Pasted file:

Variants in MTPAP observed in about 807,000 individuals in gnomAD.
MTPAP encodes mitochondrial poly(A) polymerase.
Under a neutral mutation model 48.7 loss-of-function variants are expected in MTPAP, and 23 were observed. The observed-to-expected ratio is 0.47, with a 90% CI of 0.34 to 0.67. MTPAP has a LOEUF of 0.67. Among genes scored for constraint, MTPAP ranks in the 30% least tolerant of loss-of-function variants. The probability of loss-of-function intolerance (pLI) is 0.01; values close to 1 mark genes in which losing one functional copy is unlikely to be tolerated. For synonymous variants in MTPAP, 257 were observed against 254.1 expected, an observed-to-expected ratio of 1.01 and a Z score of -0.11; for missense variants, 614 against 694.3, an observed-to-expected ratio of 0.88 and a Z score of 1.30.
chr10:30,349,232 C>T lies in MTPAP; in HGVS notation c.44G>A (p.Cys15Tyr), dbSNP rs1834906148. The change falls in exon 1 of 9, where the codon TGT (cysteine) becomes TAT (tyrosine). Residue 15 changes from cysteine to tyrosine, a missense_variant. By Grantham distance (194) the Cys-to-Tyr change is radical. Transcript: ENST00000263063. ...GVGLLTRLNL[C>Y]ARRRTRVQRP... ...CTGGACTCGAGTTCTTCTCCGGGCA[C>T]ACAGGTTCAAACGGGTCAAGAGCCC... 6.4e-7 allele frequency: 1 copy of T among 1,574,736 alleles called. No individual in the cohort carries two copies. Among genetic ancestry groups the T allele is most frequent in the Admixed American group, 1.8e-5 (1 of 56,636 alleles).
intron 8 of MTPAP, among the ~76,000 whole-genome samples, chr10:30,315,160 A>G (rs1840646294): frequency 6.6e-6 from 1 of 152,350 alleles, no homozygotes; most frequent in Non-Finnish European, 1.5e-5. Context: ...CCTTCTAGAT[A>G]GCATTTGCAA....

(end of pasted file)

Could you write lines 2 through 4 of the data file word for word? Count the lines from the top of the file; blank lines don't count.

MTPAP encodes mitochondrial poly(A) polymerase.
Under a neutral mutation model 48.7 loss-of-function variants are expected in MTPAP, and 23 were observed. The observed-to-expected ratio is 0.47, with a 90% CI of 0.34 to 0.67. MTPAP has a LOEUF of 0.67. Among genes scored for constraint, MTPAP ranks in the 30% least tolerant of loss-of-function variants. The probability of loss-of-function intolerance (pLI) is 0.01; values close to 1 mark genes in which losing one functional copy is unlikely to be tolerated. For synonymous variants in MTPAP, 257 were observed against 254.1 expected, an observed-to-expected ratio of 1.01 and a Z score of -0.11; for missense variants, 614 against 694.3, an observed-to-expected ratio of 0.88 and a Z score of 1.30.
chr10:30,349,232 C>T lies in MTPAP; in HGVS notation c.44G>A (p.Cys15Tyr), dbSNP rs1834906148. The change falls in exon 1 of 9, where the codon TGT (cysteine) becomes TAT (tyrosine). Residue 15 changes from cysteine to tyrosine, a missense_variant. By Grantham distance (194) the Cys-to-Tyr change is radical. Transcript: ENST00000263063. ...GVGLLTRLNL[C>Y]ARRRTRVQRP... ...CTGGACTCGAGTTCTTCTCCGGGCA[C>T]ACAGGTTCAAACGGGTCAAGAGCCC... 6.4e-7 allele frequency: 1 copy of T among 1,574,736 alleles called. No individual in the cohort carries two copies. Among genetic ancestry groups the T allele is most frequent in the Admixed American group, 1.8e-5 (1 of 56,636 alleles).